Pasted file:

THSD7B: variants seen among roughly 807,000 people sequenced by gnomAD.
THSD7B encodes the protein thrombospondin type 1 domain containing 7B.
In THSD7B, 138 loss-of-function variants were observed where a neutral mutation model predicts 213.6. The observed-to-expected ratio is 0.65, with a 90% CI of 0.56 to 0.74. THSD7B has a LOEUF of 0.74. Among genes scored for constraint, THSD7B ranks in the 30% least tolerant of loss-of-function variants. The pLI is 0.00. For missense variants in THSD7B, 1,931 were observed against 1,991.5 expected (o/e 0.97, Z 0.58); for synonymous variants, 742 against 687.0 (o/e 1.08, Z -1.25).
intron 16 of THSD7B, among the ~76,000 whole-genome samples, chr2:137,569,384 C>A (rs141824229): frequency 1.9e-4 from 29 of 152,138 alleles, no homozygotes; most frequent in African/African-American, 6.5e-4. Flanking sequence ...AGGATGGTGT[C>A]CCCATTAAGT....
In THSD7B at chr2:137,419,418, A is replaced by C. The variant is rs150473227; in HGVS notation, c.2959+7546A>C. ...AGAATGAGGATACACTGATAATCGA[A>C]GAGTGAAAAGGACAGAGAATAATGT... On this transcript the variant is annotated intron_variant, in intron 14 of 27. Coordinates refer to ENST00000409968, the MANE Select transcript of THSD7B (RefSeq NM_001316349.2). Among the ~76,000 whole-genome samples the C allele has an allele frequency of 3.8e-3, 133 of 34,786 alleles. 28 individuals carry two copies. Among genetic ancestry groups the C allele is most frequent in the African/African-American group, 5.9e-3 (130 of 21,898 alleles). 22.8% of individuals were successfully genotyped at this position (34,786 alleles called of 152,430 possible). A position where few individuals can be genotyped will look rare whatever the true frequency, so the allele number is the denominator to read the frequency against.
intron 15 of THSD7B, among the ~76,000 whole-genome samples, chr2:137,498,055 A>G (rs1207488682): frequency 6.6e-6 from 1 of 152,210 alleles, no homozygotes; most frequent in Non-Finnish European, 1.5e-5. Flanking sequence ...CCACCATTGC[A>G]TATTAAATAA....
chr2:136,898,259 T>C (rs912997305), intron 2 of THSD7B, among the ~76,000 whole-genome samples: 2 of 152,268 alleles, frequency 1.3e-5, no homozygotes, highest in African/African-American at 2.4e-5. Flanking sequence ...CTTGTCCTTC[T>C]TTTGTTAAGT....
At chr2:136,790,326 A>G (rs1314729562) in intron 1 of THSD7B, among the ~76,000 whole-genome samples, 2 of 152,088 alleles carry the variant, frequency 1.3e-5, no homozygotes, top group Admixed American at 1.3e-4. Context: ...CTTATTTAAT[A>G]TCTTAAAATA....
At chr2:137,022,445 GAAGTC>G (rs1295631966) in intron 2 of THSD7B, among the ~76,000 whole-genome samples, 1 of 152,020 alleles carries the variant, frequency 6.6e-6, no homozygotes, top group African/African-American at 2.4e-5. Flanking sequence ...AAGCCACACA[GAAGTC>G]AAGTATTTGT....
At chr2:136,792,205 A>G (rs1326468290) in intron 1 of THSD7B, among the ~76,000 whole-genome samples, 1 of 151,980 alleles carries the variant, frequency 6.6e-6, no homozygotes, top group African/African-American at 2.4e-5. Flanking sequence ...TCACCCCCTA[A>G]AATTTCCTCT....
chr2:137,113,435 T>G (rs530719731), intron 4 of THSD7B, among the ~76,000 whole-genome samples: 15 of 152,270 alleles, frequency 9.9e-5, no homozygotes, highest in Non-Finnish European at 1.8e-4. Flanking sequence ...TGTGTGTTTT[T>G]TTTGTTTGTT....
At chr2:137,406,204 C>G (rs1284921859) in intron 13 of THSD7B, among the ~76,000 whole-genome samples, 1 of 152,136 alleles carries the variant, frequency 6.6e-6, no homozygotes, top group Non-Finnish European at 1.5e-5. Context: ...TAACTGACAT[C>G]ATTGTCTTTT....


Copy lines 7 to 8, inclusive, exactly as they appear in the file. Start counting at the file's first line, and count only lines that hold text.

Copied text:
chr2:136,898,259 T>C (rs912997305), intron 2 of THSD7B, among the ~76,000 whole-genome samples: 2 of 152,268 alleles, frequency 1.3e-5, no homozygotes, highest in African/African-American at 2.4e-5. Flanking sequence ...CTTGTCCTTC[T>C]TTTGTTAAGT....
At chr2:136,790,326 A>G (rs1314729562) in intron 1 of THSD7B, among the ~76,000 whole-genome samples, 2 of 152,088 alleles carry the variant, frequency 1.3e-5, no homozygotes, top group Admixed American at 1.3e-4. Context: ...CTTATTTAAT[A>G]TCTTAAAATA....